Balance is an ongoing process that keeps our two-legged posture stable. Four main sets of sensory input are involved:

    1. Information from the skin is important, especially from the touch and pressure sensors on different parts of the feet, which tell the brain if you are leaning. This sense is not available in a free falling environment such as in a spacecraft.
    2. Eyesight is used to judge verticals and horizontals to which your body should be parallel and at right angle respectively.
    3. The body's proprioceptive sense of stretch in muscles, tendons, and joints tell the brain about the positions and angles of the arms, legs, torso, and neck.
    4. The sensory parts dedicated to balance is located deep inside each inner ear, next to the cochlea (see Figure 09). These parts are known collectively as the vestibular apparatus and are part of the same network of fluid-filled chambers as the cochlea. They consist of the utricle, the saccule, and the semicircular canals (Figure 23a). In certain parts of their linings are tinny hairs, whose roots are embedded in lumpy crystals or gels. The crystals or gels are attracted downward by gravity, and they are also pushed to and fro by the fluid in the chambers, which swirls as the head changes its position.
      The functions of the these organs are shown in Figure 23a:
    • (a) The ampullae of the semicircular canals contain hair cells with cilia embedded in a gelationous material.
    • (b) When the head rotates, the material is displaced and the bending of the cilia initiates nerve impulses in sensory nerve fibers for maintaining dynamic equilibrium.
    • (c) The utricle and saccule are sacs that contain hair cell with cilia embedded in the gelationous material.
    • (d) When the head bends, otoliths are displaced, causing the gelationous material to sag and the cilia to bend. This initiates nerve impulses in sensory nerve fibers for maintaining static equilibrium.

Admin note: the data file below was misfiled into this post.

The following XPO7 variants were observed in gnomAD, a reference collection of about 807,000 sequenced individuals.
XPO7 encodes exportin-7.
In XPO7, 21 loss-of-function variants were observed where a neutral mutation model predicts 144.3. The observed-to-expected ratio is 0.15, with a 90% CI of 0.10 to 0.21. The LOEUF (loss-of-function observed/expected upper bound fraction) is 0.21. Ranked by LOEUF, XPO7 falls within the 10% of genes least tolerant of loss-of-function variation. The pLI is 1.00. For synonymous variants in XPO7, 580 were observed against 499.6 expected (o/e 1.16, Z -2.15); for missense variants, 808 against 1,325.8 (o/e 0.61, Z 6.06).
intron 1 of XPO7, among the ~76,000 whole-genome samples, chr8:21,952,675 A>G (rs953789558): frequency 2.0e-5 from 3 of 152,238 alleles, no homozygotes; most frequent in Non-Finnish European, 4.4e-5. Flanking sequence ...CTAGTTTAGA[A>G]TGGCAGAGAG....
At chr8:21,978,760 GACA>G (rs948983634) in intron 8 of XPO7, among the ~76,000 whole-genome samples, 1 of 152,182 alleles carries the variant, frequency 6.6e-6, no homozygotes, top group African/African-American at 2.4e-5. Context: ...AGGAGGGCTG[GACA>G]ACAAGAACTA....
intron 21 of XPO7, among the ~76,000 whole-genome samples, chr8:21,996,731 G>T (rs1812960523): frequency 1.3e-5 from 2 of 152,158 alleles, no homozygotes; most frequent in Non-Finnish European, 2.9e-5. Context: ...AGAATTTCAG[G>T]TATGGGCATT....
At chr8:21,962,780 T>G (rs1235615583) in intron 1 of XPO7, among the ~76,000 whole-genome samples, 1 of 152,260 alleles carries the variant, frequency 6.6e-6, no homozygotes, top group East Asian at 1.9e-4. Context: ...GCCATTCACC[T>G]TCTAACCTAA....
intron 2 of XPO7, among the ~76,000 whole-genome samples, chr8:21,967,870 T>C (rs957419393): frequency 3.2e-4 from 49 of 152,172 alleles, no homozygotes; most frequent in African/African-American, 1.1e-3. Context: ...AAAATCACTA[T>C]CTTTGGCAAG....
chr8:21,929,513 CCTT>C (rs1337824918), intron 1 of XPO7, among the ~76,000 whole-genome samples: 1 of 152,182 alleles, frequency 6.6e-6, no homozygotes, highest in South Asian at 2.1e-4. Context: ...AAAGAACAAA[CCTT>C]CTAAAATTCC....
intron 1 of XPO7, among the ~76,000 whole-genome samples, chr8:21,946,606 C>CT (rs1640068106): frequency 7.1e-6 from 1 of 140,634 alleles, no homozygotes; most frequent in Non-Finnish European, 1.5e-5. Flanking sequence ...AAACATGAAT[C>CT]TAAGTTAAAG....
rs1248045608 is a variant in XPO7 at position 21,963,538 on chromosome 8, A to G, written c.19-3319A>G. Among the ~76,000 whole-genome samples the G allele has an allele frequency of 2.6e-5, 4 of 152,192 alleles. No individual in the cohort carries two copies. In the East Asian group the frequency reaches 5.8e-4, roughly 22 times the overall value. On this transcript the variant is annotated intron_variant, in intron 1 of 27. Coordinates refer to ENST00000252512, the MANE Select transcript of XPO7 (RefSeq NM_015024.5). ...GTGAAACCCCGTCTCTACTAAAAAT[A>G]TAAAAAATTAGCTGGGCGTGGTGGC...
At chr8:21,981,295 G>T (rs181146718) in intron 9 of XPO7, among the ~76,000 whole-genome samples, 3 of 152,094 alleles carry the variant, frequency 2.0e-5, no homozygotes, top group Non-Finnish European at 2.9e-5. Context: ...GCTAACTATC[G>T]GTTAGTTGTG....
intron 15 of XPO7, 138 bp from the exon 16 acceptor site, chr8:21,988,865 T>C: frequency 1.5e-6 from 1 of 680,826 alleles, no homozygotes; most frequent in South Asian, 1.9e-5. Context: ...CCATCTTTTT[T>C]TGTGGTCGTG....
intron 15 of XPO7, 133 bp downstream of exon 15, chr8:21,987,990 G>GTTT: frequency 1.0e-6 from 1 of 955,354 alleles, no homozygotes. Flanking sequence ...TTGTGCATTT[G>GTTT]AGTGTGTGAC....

Figure 23a Balance
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    The vestibular nerve feeds its information chiefly to the cerebellum and to four structures in the medulla known as vestibular bodies. Using these data, as well as input from the other three sensory sources, the brain works out what to do, usually subconsciously.

    Neuromast It turns out that such structure of hair within gel to detect disturbance has been around hundred of million years in the shark and fish (Figure 23b). This is the neuromasts embedded in the skin of fish. They give the fish information about the flow of water. Amphibians and reptiles have a simple uncoiled inner ear. Jawless fish has only one semicircular canal instead of three in mammals (for detecting three dimensional movement). Ultimately, it is the Pax 2 gene that give rise to these structures. It is also known that the Pax 6 gene is responsible for the development of eye. The connection to ancient creatures goes even deeper when it is

    Figure 23b Neuromast
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    found that the box jellyfish carries a gene which is the combination of Pax 2 and Pax 6.
    The box jellyfish is an amazing animal with more than 20 eye pits and many eyes very similar to ours. They seem to double for ears as well.